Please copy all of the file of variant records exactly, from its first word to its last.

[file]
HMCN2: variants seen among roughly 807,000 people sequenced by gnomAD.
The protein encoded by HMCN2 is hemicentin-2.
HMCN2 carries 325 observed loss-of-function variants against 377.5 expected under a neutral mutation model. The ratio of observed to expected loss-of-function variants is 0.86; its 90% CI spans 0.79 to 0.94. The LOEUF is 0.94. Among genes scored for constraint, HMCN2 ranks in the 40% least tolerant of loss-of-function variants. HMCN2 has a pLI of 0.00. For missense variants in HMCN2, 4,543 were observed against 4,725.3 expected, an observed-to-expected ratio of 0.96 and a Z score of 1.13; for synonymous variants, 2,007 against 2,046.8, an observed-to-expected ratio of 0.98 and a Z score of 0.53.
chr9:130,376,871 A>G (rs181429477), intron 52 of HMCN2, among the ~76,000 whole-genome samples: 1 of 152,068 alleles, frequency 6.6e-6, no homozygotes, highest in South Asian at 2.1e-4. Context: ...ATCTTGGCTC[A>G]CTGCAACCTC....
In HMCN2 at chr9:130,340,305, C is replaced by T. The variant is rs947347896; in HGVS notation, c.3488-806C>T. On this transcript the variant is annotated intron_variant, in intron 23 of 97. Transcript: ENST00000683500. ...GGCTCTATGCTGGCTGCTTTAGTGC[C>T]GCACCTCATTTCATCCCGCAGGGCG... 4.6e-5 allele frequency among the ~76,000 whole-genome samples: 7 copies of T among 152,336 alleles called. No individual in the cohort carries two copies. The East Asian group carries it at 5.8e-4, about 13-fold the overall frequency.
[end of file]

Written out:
HMCN2: variants seen among roughly 807,000 people sequenced by gnomAD.
The protein encoded by HMCN2 is hemicentin-2.
HMCN2 carries 325 observed loss-of-function variants against 377.5 expected under a neutral mutation model. The ratio of observed to expected loss-of-function variants is 0.86; its 90% CI spans 0.79 to 0.94. The LOEUF is 0.94. Among genes scored for constraint, HMCN2 ranks in the 40% least tolerant of loss-of-function variants. HMCN2 has a pLI of 0.00. For missense variants in HMCN2, 4,543 were observed against 4,725.3 expected, an observed-to-expected ratio of 0.96 and a Z score of 1.13; for synonymous variants, 2,007 against 2,046.8, an observed-to-expected ratio of 0.98 and a Z score of 0.53.
chr9:130,376,871 A>G (rs181429477), intron 52 of HMCN2, among the ~76,000 whole-genome samples: 1 of 152,068 alleles, frequency 6.6e-6, no homozygotes, highest in South Asian at 2.1e-4. Context: ...ATCTTGGCTC[A>G]CTGCAACCTC....
In HMCN2 at chr9:130,340,305, C is replaced by T. The variant is rs947347896; in HGVS notation, c.3488-806C>T. On this transcript the variant is annotated intron_variant, in intron 23 of 97. Transcript: ENST00000683500. ...GGCTCTATGCTGGCTGCTTTAGTGC[C>T]GCACCTCATTTCATCCCGCAGGGCG... 4.6e-5 allele frequency among the ~76,000 whole-genome samples: 7 copies of T among 152,336 alleles called. No individual in the cohort carries two copies. The East Asian group carries it at 5.8e-4, about 13-fold the overall frequency.